Over the phone this spring, I heard a shift in tone. “I am not an RV person,” he insisted. “But I like this.” So many calls to follow. Discussing health, possibility. Anything but brain tumors.
The classified ad he sent showed an unassuming, slab-sided van, a visual cross between SpaceLab on wheels and a hormonal Jeep. Sportsmobile was founded in 1961; the company converts commercial vans for travel and off-road use. Its products are RVs but unaligned with the stereotype—not a motorcoach or bus, not an 8000-pound roadbarn with fiberboard cabinets and a badge like Aspen Freedom Wolf Rambler. Sportsmobiles are famously expensive for a van but also famously durable, to say nothing of cheap for a house. Resale value tends to be high, a byproduct of limited production and stout quality, which means you can own one for a bit and move on without losing your shirt.
In the months since Mom’s death, Dad has generally kept to himself. He tries to be smart about pandemic safety, as we all do, but he’s retired, so there’s no mandatory human interaction. Solitude and traveling seem to suit him, and neither is perpetual. Every so often, my wife and I will quarantine ourselves and our kids in the house, verifying our health and lack of virus, then Dad will sling down a highway and come live in our driveway for a bit. Those moments are nice for a hundred reasons.
I hadn’t actually driven the Mercedes until last week. A work assignment popped up in Jacksonville, Florida, around nine hours from our house. Too far to drive and work without a pause for sleep. Dad was nearby, so he offered to come with. We drove down, shot a feature story in a shuttered Florida museum, then walked out to the Mercedes and went to bed in the parking lot. The independence was refreshing. Low-risk travel and work, business done quietly. It probably helped that the emotional wallop of a lost parent can run tidal, strong one day and quieter the next.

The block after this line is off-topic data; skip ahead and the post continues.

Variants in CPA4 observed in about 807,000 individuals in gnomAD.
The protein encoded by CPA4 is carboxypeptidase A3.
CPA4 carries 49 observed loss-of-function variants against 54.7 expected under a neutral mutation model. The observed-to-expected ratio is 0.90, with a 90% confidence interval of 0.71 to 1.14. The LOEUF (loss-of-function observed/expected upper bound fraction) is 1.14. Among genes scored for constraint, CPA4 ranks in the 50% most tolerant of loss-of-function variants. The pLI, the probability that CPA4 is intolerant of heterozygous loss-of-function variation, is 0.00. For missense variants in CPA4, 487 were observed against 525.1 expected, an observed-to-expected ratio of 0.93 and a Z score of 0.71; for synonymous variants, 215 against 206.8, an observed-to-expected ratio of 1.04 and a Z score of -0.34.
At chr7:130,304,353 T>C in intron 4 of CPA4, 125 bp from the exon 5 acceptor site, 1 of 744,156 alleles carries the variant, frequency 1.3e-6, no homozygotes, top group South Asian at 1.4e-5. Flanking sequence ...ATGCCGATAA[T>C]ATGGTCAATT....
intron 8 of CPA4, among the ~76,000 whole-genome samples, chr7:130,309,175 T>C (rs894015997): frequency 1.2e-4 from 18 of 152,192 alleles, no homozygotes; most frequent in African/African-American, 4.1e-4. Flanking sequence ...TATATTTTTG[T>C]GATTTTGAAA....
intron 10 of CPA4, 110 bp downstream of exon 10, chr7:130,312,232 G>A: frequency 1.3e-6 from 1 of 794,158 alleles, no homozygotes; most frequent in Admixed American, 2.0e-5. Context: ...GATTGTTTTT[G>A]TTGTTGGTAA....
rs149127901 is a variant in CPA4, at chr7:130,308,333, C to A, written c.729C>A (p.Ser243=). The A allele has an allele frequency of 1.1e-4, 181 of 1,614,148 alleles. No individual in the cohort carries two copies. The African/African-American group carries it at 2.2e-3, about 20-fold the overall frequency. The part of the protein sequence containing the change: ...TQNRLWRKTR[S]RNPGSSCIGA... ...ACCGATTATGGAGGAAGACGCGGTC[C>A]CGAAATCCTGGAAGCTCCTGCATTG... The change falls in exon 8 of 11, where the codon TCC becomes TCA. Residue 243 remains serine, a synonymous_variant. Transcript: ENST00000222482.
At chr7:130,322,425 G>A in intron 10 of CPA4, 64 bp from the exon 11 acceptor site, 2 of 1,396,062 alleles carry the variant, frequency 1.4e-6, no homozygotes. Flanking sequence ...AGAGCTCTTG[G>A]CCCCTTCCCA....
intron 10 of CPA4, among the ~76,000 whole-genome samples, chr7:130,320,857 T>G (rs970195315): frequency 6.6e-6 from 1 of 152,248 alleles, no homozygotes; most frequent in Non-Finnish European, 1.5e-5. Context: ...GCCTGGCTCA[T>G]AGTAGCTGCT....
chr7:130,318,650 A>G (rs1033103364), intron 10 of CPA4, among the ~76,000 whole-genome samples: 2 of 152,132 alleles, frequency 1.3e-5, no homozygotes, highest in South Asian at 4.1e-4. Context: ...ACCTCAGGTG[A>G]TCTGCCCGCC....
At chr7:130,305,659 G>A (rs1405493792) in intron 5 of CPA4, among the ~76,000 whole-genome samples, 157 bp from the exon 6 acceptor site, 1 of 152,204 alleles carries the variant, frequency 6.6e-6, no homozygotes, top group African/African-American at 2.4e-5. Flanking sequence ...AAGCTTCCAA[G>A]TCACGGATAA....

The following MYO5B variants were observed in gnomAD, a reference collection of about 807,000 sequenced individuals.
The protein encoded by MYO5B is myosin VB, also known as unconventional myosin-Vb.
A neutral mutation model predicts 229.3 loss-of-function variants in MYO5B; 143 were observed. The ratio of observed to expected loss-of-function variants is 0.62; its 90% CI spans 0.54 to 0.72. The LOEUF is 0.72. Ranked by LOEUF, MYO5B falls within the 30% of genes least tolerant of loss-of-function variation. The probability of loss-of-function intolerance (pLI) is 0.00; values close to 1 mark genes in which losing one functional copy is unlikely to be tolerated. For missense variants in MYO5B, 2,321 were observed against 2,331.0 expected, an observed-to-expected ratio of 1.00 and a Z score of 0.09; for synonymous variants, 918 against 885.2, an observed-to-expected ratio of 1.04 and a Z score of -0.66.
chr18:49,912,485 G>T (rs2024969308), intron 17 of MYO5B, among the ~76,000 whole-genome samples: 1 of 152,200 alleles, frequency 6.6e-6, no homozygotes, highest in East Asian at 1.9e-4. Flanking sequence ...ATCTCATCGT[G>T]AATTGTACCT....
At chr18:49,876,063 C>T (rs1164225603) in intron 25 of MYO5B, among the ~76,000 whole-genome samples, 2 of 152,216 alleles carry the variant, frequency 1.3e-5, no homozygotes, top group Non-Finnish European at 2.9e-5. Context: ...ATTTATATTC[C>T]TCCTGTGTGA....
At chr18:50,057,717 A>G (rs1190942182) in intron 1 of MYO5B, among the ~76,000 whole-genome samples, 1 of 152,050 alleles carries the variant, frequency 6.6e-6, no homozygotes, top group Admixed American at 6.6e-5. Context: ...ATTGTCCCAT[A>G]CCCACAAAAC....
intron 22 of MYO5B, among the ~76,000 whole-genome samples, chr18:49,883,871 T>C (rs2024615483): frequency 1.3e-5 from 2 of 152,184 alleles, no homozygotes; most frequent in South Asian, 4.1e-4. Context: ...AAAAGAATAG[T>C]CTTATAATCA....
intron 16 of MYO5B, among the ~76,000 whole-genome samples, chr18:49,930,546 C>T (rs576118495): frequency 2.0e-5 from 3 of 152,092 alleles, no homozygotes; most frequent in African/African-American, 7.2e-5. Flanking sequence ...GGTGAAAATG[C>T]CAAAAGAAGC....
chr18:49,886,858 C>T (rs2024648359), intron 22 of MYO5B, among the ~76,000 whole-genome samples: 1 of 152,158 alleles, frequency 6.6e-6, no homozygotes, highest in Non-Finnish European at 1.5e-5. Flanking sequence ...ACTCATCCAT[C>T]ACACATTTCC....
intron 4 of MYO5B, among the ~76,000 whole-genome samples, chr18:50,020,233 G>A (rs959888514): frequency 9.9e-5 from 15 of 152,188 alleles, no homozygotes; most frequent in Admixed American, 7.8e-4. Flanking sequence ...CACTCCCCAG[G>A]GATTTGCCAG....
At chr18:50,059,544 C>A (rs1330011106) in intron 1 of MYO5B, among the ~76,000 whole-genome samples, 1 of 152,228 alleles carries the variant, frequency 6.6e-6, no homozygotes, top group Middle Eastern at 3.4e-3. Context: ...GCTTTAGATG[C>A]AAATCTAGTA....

When we’d left for Jacksonville, I’d simultaneously wanted out of the house and right back in. I’d also just wanted to ask my father about my mother, who she was when I wasn’t around. In the Sprinter, barrelling down I-75, the answers seemed echo-free and better for it.
Dad doesn’t seem to know where he’ll go when the world drifts back to normal. He seems happy with the RV, despite not having been an RV person. Or perhaps that kind of broad labeling is silly, and we all are far more similar than we like to admit, and people aren’t ever really gone, they’re just no longer present in the manner to which we’re accustomed, and we simply don’t know or fully acknowledge any of this stuff in the moment, because we can’t or won’t or don’t know how.
The answers grow fuzzier every day. I’m 39. Mom was almost certainly older than that the last time she was pulled over by the highway patrol. My last ticket was years ago, though I can’t remember when. Funny how few things make you feel as restless as an inability to recall the last time you got caught.
The Sprinter seemed to lose interest over 80 mph, and thus it never earned any interest from the law and the consequent chance to reset the counter on that forgotten time between transgressions. Mom would have liked it, I think. My daughters like it, our two little girls in elementary school, and they remind me of her in a hundred ways. A lot of singing in the house, for one thing. Another parallel, but a funny one, because I can’t recall ever hearing her sing. Only the music of a person I miss more than I can say, heard and hinted at over decades, almost but never quite enough.